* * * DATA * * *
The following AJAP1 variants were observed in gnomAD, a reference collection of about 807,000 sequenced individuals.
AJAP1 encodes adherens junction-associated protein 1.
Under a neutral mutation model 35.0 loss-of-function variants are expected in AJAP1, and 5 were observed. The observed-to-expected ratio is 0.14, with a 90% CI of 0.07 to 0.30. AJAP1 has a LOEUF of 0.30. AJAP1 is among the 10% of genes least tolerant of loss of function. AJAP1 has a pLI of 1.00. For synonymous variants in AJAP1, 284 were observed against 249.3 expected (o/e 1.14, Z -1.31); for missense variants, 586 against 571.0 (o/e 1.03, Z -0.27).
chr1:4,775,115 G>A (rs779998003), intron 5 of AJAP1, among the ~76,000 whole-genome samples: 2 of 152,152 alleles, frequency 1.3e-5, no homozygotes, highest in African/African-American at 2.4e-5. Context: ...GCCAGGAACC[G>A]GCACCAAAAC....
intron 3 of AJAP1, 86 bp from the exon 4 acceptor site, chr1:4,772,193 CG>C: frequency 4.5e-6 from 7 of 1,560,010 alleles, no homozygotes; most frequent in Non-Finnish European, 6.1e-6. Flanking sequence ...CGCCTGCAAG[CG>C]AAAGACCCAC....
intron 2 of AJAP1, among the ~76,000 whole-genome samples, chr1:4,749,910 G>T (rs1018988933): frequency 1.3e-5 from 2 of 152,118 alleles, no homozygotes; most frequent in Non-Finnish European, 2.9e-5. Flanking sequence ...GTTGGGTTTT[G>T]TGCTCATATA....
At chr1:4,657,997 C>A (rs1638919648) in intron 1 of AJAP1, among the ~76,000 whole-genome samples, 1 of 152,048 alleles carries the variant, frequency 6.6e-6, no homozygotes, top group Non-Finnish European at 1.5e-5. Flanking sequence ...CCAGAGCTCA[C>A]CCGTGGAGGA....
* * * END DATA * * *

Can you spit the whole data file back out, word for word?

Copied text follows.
The following AJAP1 variants were observed in gnomAD, a reference collection of about 807,000 sequenced individuals.
AJAP1 encodes adherens junction-associated protein 1.
Under a neutral mutation model 35.0 loss-of-function variants are expected in AJAP1, and 5 were observed. The observed-to-expected ratio is 0.14, with a 90% CI of 0.07 to 0.30. AJAP1 has a LOEUF of 0.30. AJAP1 is among the 10% of genes least tolerant of loss of function. AJAP1 has a pLI of 1.00. For synonymous variants in AJAP1, 284 were observed against 249.3 expected (o/e 1.14, Z -1.31); for missense variants, 586 against 571.0 (o/e 1.03, Z -0.27).
chr1:4,775,115 G>A (rs779998003), intron 5 of AJAP1, among the ~76,000 whole-genome samples: 2 of 152,152 alleles, frequency 1.3e-5, no homozygotes, highest in African/African-American at 2.4e-5. Context: ...GCCAGGAACC[G>A]GCACCAAAAC....
intron 3 of AJAP1, 86 bp from the exon 4 acceptor site, chr1:4,772,193 CG>C: frequency 4.5e-6 from 7 of 1,560,010 alleles, no homozygotes; most frequent in Non-Finnish European, 6.1e-6. Flanking sequence ...CGCCTGCAAG[CG>C]AAAGACCCAC....
intron 2 of AJAP1, among the ~76,000 whole-genome samples, chr1:4,749,910 G>T (rs1018988933): frequency 1.3e-5 from 2 of 152,118 alleles, no homozygotes; most frequent in Non-Finnish European, 2.9e-5. Flanking sequence ...GTTGGGTTTT[G>T]TGCTCATATA....
At chr1:4,657,997 C>A (rs1638919648) in intron 1 of AJAP1, among the ~76,000 whole-genome samples, 1 of 152,048 alleles carries the variant, frequency 6.6e-6, no homozygotes, top group Non-Finnish European at 1.5e-5. Flanking sequence ...CCAGAGCTCA[C>A]CCGTGGAGGA....